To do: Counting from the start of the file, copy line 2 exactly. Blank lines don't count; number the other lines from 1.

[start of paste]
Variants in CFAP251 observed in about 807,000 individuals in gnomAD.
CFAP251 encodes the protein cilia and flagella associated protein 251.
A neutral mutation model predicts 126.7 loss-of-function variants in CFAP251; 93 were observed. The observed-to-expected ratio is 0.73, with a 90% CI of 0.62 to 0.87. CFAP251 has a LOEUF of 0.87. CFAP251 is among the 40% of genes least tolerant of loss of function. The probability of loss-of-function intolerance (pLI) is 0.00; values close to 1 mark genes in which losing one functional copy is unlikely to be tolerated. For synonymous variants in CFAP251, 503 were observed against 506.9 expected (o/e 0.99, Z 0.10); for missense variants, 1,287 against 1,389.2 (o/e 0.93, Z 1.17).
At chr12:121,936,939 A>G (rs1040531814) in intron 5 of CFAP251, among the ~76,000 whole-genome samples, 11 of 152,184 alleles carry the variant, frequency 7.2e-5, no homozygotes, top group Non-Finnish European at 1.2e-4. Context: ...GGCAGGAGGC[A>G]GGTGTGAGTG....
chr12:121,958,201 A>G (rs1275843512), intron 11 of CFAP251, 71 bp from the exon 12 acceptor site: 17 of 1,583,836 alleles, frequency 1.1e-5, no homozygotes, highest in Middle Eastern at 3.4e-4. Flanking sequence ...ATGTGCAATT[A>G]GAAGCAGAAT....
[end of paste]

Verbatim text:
CFAP251 encodes the protein cilia and flagella associated protein 251.